Take the 2-minute tour ×
Stack Overflow is a question and answer site for professional and enthusiast programmers. It's 100% free, no registration required.

I am very new to LISP. I am using allegro-cl. I am having difficulty calling a function I have defined and loaded. I would like to know what are some ways I can browse the things I have defined, for instance listing all methods in a certain package, or listing just variables, or listing package names, etc.

share|improve this question
    
similar: stackoverflow.com/questions/1511981/… –  harschware Jan 24 '11 at 20:48

3 Answers 3

up vote 4 down vote accepted

I'm not using Allegro CL, so I can only tell you about the tools CL itself provides for this. You might want to check what the Allegro CL IDE has to offer for this task.

You can get a list of all packages with the function LIST-ALL-PACKAGES. You could use it like this to print their names:

(dolist (p (list-all-packages)) (write-line (package-name p)))

CL packages are collections of symbols (i.e. names), not the objects associated with these names. You have to query the names in them further to see if there's a value and/or a function defined for that symbol. You can use DO-SYMBOLS to loop over all the symbols in a package. This would print all the symbols in the current package:

(do-symbols (s) (print s)

this only the functions:

(do-symbols (s) (when (fboundp s) (print s)))

and this only the functions whose home package is the current package:

(do-symbols (s)
  (when (and (eq (symbol-package s) *package*)
             (fboundp s))
    (print s)))
share|improve this answer
    
very helpful thanks. How would I print the definition of a function? –  harschware Jan 24 '11 at 18:44
    
those last two don't seem to limit to functions for the current package. Or at least, I see functions defined from all packages (which may be callable in the current scope). –  harschware Jan 24 '11 at 18:49
    
There's no standard way to print the definition of a function. It might be possible if your implementation saves it to support debugging, but I think that's unlikely. But what should be possible to get is the source location. (if I understand SLIME's swank-allergro.lisp file correctly, Allegro should provide the excl:find-source-file function for that. –  Rörd Jan 24 '11 at 19:07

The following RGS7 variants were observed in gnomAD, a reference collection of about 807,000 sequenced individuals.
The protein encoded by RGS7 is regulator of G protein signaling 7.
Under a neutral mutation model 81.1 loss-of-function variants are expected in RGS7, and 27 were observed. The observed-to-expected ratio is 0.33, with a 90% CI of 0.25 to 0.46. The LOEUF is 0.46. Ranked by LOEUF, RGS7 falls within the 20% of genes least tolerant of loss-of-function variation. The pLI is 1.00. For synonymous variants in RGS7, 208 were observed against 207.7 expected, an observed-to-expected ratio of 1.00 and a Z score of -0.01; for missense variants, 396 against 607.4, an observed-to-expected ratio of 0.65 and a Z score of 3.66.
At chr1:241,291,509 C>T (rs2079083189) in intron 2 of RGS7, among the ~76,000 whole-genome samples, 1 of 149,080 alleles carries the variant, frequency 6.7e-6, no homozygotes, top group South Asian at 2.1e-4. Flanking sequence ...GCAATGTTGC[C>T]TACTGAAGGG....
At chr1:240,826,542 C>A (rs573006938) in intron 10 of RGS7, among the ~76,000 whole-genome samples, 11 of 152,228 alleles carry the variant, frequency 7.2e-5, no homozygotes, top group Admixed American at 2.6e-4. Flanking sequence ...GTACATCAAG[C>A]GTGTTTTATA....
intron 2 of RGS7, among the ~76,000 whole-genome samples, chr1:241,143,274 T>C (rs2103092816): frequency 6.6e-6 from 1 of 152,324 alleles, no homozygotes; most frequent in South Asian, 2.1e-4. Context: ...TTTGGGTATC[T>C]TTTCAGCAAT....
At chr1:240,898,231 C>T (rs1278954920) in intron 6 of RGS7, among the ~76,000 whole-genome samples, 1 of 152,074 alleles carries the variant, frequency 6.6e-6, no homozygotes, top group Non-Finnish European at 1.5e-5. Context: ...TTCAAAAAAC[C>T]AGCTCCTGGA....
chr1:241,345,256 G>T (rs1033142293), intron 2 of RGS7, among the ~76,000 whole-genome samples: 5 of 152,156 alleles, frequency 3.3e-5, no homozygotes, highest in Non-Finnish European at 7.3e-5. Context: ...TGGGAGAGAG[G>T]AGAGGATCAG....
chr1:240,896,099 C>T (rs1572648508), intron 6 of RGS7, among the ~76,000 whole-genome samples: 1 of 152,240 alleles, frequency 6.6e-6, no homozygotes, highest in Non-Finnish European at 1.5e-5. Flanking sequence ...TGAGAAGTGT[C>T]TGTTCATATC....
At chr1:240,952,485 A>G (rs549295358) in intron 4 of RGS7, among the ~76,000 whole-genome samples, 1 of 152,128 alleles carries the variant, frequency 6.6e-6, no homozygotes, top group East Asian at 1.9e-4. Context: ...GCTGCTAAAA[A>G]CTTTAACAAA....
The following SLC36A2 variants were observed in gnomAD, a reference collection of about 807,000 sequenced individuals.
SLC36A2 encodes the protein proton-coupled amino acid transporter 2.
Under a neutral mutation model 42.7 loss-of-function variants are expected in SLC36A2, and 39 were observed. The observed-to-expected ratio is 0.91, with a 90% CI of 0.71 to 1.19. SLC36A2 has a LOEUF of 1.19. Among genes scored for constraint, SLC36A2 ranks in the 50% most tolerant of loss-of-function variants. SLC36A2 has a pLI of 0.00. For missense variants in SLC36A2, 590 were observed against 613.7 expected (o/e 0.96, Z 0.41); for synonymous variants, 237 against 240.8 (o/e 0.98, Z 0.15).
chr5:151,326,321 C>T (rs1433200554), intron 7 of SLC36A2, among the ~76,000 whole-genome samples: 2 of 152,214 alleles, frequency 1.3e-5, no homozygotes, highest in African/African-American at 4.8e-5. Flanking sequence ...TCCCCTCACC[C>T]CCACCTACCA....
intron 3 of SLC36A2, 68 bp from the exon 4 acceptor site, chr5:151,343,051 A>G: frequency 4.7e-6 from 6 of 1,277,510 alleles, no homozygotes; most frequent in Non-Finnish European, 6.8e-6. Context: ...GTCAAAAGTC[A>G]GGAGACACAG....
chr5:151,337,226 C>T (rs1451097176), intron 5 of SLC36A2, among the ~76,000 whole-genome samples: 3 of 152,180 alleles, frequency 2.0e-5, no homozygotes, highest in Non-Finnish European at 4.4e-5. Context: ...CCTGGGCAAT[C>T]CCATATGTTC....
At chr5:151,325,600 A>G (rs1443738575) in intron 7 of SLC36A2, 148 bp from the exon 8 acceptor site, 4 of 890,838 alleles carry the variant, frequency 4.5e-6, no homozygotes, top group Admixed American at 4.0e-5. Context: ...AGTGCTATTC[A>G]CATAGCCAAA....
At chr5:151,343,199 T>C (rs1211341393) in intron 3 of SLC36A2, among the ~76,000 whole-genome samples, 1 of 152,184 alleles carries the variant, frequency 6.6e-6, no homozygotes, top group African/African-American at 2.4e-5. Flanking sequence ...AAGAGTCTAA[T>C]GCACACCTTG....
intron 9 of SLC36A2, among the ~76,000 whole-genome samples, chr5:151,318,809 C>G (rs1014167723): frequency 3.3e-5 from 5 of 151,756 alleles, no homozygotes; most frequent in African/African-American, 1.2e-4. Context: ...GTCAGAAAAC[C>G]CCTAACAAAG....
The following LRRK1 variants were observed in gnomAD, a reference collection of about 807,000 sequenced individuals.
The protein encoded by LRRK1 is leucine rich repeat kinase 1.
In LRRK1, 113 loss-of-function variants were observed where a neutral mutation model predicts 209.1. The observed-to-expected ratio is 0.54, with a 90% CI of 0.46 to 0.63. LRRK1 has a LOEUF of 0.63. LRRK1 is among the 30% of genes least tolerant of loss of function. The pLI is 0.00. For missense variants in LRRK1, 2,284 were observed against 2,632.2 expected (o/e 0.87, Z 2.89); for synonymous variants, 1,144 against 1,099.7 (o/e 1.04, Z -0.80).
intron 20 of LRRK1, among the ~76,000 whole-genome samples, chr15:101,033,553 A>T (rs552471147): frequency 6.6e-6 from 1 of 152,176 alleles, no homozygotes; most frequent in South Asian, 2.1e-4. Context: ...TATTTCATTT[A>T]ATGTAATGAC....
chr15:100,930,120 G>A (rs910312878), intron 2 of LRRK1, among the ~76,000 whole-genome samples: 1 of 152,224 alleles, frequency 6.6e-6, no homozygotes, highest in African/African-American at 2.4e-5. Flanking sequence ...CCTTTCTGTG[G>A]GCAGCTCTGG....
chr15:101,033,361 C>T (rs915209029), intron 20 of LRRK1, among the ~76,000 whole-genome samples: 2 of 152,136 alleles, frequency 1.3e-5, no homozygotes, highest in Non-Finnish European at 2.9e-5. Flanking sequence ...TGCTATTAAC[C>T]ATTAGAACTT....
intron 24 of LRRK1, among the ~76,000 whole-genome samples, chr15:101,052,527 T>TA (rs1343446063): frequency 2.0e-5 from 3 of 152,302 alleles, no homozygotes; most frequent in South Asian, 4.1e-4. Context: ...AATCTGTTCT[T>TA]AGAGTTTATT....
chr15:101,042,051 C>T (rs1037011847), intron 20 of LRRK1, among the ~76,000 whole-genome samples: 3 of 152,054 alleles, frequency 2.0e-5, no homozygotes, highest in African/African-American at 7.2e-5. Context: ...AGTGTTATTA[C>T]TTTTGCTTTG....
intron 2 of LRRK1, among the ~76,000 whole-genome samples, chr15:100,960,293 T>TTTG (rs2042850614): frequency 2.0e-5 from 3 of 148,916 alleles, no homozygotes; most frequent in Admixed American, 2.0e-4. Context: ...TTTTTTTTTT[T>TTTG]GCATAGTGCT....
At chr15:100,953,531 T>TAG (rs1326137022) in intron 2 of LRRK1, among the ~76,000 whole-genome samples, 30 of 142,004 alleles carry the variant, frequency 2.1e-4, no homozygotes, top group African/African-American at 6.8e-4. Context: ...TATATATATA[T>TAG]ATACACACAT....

Forget what I just wrote about imported symbols. A symbol's home package can be checked with SYMBOL-PACKAGE. See the new code example I've added to my answer. –  Rörd Jan 24 '11 at 19:15
    
I don't know the mechanics of it, but it seems Allegro-CL has a source stepper (which perhaps means there is a way to view sources in other common lisp environments) bit.ly/elCS86 –  harschware Jan 24 '11 at 20:28

If you remember a part of the name, you can always use APROPOS (possibly limited to a specific package) to find the full name.

share|improve this answer

I ran into the same problem. After reading documentation, I came to the opinion that there is no way to recall a definition typed into REPL.

To work around this problem, I always type into the editor window (Ctrl+N if not present). This way I can type definitions, edit them, etc. with great convenience. If I need to evaluate a definition, I press Ctrl+E for incremental evaluation (see other options in the Tools menu). I keep a listener window on the left and an editor window on the right to see inputs and outputs.

There is still a little problem which can even cause some bugs: if you forget to evaluate a definition after you have made changes to it, the old one remains in the REPL. Keep pressing Ctrl+E.

If you have several files open and want to locate a definition in one of source files, you can use Search>Apropos.

share|improve this answer

Your Answer

 
discard

By posting your answer, you agree to the privacy policy and terms of service.

Not the answer you're looking for? Browse other questions tagged or ask your own question.